Sunday, December 06, 2009

William Kemp Performs the Morris Dance, from the frontispiece to his book Kemp's Nine Daies Wonder, Performed in a Daunce
Morris Dance-1458, moreys daunce "Moorish dance," from Flem. mooriske dans, from O.Fr. morois "Moor." Unknown why the Eng. dance was called this, unless in ref. to fantastic dancing or costumes (cf. It. Moresco, a related dance, lit. "Moorish," Ger. moriskentanz, Fr. moresque).-Online Etymology Dictionary

The Nine Days Wonder

A story from July of this year, "Tracking The Life And Death Of News"by Bill Steele LINK gives a scientific gloss to the notion of the "Nine Days Wonder". Jon Kleinberg, Tisch University Professor of Computer Science at Cornell, has tried to quantify what we know to be an ancient concept. However, the term 'Nine Days Wonder' is not explicitly used in Steele's story.

But, First Things Come First: Where does the term "Nine Days Wonder" originate? And what does it mean? I am convinced it is a very ancient thing, which had its birth in the days before we had the means to write about it, or even before we could articulate beyond excited grunts and gesticulations. But here is one account from

"In 1600, William Kemp, an Elizabethan clown actor, who is thought to have been the original Dogberry in Shakespeare's Much Ado About Nothing, danced a morris dance between London and Norwich. He took up the challenge for a bet and covered the distance of a hundred miles or more in nine days (spread over a few weeks). Some doubted that he had achieved this and, to quell dissent, he wrote 'Kemps nine daies vvonder' published in 1600:

"Wherein euery dayes iourney is pleasantly set downe, to satisfie his friends the truth, against all lying Ballad-makers; what he did, how hee was welcome, and by whome entertained."

There is little doubt that the event did take place. The ample evidence to support it includes the 17th century records of the Norwich Town Council, which lists the payment of his prize money.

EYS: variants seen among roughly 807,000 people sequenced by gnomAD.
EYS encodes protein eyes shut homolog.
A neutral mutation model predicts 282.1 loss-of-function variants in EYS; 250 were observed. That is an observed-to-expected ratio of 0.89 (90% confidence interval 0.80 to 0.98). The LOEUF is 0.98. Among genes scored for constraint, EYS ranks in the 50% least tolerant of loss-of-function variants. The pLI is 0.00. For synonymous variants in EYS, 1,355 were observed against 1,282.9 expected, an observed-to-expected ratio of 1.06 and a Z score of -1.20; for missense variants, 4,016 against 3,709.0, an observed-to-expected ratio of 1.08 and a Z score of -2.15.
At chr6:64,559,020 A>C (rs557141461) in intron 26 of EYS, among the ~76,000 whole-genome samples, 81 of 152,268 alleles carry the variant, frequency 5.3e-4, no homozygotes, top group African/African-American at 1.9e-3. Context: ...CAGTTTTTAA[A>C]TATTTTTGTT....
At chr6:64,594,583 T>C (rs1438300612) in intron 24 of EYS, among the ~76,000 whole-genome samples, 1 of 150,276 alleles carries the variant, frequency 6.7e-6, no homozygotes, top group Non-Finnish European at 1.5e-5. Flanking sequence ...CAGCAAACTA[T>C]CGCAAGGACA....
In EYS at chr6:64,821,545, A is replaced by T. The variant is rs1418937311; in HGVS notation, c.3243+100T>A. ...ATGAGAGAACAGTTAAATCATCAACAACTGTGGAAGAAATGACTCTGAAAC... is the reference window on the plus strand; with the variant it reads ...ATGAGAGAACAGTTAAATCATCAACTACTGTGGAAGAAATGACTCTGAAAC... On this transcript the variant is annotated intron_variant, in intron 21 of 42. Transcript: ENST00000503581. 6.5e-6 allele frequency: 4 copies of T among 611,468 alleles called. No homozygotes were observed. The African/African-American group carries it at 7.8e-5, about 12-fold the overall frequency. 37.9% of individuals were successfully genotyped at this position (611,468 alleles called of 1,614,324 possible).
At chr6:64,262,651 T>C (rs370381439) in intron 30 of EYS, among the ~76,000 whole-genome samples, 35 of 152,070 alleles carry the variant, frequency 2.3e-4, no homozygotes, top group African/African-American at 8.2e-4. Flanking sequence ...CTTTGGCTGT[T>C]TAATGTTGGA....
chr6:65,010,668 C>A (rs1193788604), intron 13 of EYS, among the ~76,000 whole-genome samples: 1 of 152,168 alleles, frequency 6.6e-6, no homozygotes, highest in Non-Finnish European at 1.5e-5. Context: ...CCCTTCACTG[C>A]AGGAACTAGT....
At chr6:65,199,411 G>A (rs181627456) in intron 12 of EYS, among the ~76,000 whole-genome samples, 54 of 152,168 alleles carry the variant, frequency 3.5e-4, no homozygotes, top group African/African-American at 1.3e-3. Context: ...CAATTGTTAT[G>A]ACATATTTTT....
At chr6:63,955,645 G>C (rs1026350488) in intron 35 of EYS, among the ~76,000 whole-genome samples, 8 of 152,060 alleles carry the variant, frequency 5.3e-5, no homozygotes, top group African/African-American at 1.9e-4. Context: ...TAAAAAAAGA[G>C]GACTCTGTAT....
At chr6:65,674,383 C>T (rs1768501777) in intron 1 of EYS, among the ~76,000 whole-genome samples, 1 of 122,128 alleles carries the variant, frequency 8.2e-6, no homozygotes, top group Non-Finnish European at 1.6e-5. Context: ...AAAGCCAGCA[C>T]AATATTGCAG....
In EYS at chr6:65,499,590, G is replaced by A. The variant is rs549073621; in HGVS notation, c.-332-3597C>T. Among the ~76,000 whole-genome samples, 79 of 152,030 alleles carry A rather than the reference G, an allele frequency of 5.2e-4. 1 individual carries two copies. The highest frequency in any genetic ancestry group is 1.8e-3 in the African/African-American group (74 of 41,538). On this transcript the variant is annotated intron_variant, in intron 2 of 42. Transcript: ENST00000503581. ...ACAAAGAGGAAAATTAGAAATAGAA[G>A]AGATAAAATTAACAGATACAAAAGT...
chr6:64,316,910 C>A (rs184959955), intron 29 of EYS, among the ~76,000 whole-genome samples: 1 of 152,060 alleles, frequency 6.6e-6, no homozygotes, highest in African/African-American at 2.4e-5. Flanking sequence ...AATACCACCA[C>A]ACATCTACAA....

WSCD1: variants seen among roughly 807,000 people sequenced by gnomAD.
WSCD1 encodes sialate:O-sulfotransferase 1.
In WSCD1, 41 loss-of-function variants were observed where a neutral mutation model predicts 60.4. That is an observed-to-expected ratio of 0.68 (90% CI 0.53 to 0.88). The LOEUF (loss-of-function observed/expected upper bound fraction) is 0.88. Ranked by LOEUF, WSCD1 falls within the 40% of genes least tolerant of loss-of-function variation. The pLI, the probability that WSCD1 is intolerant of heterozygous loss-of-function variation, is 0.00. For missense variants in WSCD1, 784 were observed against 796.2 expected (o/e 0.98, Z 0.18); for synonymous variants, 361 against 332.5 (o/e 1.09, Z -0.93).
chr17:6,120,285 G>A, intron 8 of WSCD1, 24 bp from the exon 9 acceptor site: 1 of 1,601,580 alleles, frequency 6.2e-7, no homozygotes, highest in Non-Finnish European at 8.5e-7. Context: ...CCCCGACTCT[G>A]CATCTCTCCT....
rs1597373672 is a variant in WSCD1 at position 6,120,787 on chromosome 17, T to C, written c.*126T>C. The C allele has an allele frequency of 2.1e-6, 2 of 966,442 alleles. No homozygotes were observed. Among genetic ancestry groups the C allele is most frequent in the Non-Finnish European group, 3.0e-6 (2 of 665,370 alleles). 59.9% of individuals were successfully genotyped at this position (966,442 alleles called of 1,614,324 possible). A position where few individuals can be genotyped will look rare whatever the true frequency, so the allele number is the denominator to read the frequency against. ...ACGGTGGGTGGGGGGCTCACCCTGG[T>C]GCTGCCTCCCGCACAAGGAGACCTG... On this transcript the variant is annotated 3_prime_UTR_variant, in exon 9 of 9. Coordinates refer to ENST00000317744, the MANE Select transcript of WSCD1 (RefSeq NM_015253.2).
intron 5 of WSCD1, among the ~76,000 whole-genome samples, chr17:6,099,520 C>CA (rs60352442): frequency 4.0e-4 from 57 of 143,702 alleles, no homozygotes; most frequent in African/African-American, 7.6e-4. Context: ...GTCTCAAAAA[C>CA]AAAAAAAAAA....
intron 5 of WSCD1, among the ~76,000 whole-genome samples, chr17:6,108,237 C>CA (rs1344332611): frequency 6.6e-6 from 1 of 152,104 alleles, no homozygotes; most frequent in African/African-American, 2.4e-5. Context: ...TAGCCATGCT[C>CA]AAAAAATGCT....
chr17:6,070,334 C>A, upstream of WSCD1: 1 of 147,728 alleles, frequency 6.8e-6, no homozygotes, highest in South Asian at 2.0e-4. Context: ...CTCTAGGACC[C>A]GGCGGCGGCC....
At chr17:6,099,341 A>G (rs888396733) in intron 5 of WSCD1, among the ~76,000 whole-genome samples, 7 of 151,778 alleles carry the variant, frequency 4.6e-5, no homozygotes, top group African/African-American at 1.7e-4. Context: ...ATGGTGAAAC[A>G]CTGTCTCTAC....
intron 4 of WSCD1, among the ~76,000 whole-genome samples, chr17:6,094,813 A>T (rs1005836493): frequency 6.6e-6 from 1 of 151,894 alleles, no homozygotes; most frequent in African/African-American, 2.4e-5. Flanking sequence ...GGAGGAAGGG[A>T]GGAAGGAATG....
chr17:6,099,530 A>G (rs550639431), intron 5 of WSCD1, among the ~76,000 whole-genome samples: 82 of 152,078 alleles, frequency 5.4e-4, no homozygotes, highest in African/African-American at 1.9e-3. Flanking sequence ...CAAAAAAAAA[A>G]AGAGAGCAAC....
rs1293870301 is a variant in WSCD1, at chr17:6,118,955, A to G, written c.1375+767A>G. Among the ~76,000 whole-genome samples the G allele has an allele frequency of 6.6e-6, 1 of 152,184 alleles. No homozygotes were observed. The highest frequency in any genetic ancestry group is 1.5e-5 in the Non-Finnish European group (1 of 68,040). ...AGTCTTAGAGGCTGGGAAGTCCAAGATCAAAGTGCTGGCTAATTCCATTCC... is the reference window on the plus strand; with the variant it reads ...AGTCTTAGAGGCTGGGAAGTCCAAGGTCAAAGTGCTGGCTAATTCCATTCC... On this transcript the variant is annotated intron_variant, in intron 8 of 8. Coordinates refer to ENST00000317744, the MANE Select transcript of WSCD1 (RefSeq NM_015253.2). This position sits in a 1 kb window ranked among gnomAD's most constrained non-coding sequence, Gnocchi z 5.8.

So, we have a well-authenticated historical event called 'Kemp's Nine Days' Wonder', dating back to 1600. That might be thought to be enough to establish Kemp as the source of the phrase.

Actually, he wasn't. The phrase dates from well before the 17th century. As well as the date, there's the meaning of the phrase, which isn't 'something wonderful that took nine days to achieve', but 'something which becomes boring after nine days'.

The earliest citation, in Old English, is in the 'Harley Lyrics', circa 1325. The earliest record in print that most people today would be able to decipher is in 'Poems written in English during his captivity in England, after the battle of Agincourt' by Charles, Duke of Orleans, 1465:

"For this a wondir last but dayes nyne, An oold proverbe is seid."

The first record in print of the phrase as we now use it is from Jane Barker's Patch-work Screen for Ladies, 1723:

"The Parents were very well content, only wish'd she had proceeded otherwise, and not made herself the Publick Subject of a Nine Days Wonder."

In more recent years, more than one rock band has adopted the phrase as a self-deprecatory name. That's more likely as an allusion to another phrase with a related meaning - one hit wonder, than it is a homage to the dancing Kemp. Some of them have lasted several years."-

An Anecdote Of Kemp's Morris Dance

It seems that the jestmonger Kemp's Morris Dancing wager was a more arduous task than we might imagine. It may have been as taxing as break dancing a hundred miles. But it did have its rewards. Here he describes an episode from his dance when spectators, including a lusty wench, joined him in his "pace of dauncing" which "is not ordinary". I have provided a link at the end of the passage for a PDF copy of the 1840 reprint courtesy of the Internet Archive.